Devolution of powers to combined authorities could boost economic growth in the UK’s 15 largest metropolitan areas by £79 billion a year
This is the view of the City Growth Commission, a temporary group tasked with looking at how to speed up the economic recovery and make it city-driven. With the new West Yorkshire Combined Authority still cutting its teeth, it could well find itself well-placed to exploit new opportunities if the rumoured devolvement of powers goes ahead in the Autumn Statement and following next May’s election.
The Commission recommends that an independent committee be set up, to determine the ‘readiness’ of each authority for devolution, to coincide with the January 2015 deadline for draft legislation granting extra powers to the Scottish Parliament. Although each authority’s powers and responsibilities would be subject to negotiation, they would be likely to include ‘a suite’ of devolved taxes, including business rates and council tax.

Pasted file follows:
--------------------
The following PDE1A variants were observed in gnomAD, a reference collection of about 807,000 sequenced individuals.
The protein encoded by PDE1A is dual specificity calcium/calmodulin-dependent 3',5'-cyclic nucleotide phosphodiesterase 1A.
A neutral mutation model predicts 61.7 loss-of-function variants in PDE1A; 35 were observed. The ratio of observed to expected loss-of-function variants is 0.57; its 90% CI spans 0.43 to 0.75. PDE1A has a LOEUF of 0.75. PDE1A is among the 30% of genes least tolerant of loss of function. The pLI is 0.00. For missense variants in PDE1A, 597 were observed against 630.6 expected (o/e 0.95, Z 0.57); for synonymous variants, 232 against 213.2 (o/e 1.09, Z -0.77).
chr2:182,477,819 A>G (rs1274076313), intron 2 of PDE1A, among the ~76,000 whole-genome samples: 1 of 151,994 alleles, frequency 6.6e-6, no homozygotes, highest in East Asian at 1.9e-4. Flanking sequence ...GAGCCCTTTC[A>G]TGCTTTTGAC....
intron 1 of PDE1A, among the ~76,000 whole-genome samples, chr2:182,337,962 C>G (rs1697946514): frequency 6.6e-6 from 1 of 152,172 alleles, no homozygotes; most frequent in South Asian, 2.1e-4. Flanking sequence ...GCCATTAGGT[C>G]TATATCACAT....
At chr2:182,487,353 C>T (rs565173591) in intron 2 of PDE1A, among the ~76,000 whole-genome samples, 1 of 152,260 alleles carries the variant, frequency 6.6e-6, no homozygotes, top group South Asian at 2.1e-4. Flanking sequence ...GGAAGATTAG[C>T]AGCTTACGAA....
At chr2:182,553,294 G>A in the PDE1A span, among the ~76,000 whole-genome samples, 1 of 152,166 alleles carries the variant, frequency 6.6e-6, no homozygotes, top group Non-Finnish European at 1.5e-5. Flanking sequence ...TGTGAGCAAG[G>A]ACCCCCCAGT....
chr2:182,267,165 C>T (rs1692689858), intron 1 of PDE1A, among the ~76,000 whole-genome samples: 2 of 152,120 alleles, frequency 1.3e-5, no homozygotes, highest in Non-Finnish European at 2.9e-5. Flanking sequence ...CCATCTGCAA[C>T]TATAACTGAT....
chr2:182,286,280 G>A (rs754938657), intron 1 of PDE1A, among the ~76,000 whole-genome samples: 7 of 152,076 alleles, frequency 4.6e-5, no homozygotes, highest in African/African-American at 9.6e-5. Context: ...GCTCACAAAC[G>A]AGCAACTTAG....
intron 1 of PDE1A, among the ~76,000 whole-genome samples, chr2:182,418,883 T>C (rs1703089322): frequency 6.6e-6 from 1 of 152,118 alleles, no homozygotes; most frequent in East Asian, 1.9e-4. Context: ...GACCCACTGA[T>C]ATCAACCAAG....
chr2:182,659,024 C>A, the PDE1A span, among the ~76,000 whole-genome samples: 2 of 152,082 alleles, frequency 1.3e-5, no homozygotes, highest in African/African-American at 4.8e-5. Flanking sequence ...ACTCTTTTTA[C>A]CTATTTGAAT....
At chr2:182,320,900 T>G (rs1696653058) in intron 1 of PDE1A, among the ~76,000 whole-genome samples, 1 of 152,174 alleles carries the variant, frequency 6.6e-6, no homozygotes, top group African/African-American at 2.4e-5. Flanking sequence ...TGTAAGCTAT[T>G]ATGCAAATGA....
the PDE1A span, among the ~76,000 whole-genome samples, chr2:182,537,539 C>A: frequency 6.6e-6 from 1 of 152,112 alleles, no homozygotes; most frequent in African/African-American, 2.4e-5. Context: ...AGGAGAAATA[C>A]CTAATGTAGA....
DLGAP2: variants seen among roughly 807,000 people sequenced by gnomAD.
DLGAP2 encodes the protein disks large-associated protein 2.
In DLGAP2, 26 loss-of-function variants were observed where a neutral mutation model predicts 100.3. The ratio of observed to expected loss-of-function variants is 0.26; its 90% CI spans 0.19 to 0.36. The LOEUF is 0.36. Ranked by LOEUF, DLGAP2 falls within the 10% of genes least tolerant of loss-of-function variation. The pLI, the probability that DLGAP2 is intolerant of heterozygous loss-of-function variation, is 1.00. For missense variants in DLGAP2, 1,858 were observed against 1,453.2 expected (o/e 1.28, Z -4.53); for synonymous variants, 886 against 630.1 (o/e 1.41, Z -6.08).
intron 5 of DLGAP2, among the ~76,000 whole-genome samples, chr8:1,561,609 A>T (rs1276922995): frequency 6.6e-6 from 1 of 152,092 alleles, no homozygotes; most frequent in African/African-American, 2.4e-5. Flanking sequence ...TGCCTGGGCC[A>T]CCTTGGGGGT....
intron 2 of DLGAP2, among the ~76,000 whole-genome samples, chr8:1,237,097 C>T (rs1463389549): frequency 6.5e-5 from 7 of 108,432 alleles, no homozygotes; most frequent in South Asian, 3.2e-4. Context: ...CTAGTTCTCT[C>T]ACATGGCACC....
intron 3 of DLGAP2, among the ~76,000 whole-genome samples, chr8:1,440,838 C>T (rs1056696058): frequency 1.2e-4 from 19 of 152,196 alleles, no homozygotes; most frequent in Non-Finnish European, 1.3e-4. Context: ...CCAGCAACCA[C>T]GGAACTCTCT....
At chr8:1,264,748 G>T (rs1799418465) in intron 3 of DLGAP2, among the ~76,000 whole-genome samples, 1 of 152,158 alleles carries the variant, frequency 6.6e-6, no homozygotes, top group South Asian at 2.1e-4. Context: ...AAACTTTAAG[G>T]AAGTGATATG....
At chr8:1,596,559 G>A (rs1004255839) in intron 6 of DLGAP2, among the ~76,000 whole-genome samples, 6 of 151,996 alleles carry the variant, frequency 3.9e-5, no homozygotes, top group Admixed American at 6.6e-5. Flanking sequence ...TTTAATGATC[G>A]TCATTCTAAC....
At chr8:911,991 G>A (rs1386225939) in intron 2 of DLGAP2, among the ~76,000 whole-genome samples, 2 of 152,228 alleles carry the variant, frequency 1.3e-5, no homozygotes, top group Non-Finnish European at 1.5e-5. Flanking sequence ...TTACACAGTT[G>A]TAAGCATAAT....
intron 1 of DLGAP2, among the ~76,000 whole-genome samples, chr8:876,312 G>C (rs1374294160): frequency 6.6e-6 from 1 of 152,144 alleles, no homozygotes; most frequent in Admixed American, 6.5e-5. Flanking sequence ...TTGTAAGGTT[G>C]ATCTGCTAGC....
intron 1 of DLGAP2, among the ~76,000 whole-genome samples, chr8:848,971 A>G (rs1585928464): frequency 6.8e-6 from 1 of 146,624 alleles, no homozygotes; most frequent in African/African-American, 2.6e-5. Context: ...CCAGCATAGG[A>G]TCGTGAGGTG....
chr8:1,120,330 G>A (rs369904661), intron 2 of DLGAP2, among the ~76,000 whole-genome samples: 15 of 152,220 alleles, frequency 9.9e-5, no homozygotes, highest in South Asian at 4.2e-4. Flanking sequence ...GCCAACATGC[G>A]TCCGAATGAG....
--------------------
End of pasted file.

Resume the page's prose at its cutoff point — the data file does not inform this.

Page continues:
Mike Cartwright of Bradford Chamber said: “For years, members have expressed concern about the centralisation of powers in government, and argued that local decision-makers are best-placed to with first-hand knowledge and contacts to make better judgements on what is needed locally. We look forward to seeing whether this report is acted upon or not.”